Five Books to Inspire Marketers (None Are About Marketing)

What inspires you?

Every day, posts on LInkedIn tout business books with the secrets to motivate us and compete more effectively. We need to be aware of the new thinking in business literature, and once in a while, a gem or two do emerge. Still, I find most business books to be puffed up, tedious and ultimately useless.

More important, if all you think about is work and your reading is limited to business books, you’re cutting yourself off from a wealth of knowledge and inspiration.

I like to find great marketing ideas in the world of arts and literature, including novels, history, and biographies. Want to get better at storytelling? Want to understand human nature on a deeper level?

Read stories!

Here are a few of my recent favorites to get you started.

Let me know what you’re reading and how you were inspired.

Cat’s Cradle by Kurt Vonnegut:

Cat’s Cradle opened my eyes to the pleasure of reading and to the idea that life is more rewarding when we are curious, ask questions, and try to see everything from multiple perspectives. Suggested by my ultra-cool, just out-of-college, long-haired, math teacher in my senior year, Vonnegut’s irrevereLnce, dark humor, and wild imagination opened up my eyes. It’s on my list for a re-read soon.

The Brothers Karamazov by Fyodor Dostoevsky

Another book inspired by a youthful moment. My best friend in high school (and still best friend) and I were in a local stationery/book/candy when he noticed the book displayed on a rack. He pompously declared something along the lines of, “This book has the answers to virtually the entire human condition.” I flied that over-the-top comment away for over 30 years but never forgot it. When I finally got to the book, it turned out that my friend was mostly right.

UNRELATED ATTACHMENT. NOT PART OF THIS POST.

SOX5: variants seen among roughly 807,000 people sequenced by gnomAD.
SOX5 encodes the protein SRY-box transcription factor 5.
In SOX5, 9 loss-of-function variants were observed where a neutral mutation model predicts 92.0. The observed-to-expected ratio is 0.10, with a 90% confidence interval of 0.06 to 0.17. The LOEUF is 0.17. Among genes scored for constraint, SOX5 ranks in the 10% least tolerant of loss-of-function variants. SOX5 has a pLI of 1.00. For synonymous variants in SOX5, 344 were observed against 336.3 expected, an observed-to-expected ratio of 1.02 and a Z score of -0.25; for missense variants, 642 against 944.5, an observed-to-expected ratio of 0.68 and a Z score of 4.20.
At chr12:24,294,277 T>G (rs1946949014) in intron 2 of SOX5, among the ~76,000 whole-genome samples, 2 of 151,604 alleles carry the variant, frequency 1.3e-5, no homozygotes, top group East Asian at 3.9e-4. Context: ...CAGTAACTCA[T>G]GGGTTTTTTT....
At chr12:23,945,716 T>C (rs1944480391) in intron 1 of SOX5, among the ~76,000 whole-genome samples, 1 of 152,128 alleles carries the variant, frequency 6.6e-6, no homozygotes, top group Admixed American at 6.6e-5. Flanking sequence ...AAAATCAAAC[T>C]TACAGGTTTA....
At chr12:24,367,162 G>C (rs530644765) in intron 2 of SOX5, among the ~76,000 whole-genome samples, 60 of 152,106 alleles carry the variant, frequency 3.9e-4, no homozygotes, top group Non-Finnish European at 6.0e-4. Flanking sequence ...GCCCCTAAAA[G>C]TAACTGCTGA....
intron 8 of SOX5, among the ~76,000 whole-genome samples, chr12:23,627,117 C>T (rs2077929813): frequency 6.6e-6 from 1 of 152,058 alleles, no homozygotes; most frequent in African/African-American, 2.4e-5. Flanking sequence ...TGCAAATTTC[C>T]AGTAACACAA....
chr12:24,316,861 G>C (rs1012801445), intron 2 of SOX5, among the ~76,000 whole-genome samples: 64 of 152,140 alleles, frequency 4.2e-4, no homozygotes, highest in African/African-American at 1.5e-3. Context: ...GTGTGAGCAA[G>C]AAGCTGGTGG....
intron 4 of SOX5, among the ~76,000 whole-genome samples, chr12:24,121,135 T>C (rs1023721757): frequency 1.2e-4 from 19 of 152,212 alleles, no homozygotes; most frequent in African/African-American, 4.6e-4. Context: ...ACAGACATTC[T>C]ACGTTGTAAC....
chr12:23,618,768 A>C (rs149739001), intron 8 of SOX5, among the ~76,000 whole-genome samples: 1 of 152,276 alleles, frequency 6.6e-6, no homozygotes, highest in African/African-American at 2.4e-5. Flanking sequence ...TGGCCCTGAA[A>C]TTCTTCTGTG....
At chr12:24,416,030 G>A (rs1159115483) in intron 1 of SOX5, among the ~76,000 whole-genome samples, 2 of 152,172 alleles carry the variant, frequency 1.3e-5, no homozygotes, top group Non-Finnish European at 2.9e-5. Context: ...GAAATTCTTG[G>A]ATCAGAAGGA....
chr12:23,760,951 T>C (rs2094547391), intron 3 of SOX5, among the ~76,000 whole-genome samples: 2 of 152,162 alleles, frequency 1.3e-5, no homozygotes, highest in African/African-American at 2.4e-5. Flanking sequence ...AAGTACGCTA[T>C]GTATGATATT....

Leonardo Da Vinci by Walter Isaacson

All of Walter Isaacson’s bios are worthwhile. I’ve also read his books on Steve Jobs and Albert Einstein and recommend them all. His subjects all share a relentlessly curious nature, pushing themselves to better understand how the world works. Leonardo was the quintessential renaissance man. Reading this richly detailed work, it’s hard to imagine someone so brilliant and talented across so many pursuits. Simply awe-inspiring and a must read for anyone interested in creativity and innovation.

Churchill: Walking With Destiny

Said to say, but many of my grad students don’t even know who Winston Churchill was. And even those who know him as Britain’s steadfast, fearless, cigarsmoking, hard-drinking leader during WWII aren’t aware of his bravery as a soldier, his prolific, historical scholarship, his accomplishments as a painter and more. Do you think you have a busy schedule? Like Leonardo, Churchill likely packed more into a week than most people accomplished in a year.

Super Sad True Love Story by Gary Shteyngart

Part romcom, part sci-fi and 100% social commentary, this wild, funny, and ultimately scary novel got a lot right about the future (our present) when it was published in 2011. People are tethered to their iPhonelike devices that are updated constantly. Walk into a coffee shop and want to know about the creditworthiness of all the men in the room or how attractive women find them? It’s all there.


No Comments

Post A Comment

Pin It on Pinterest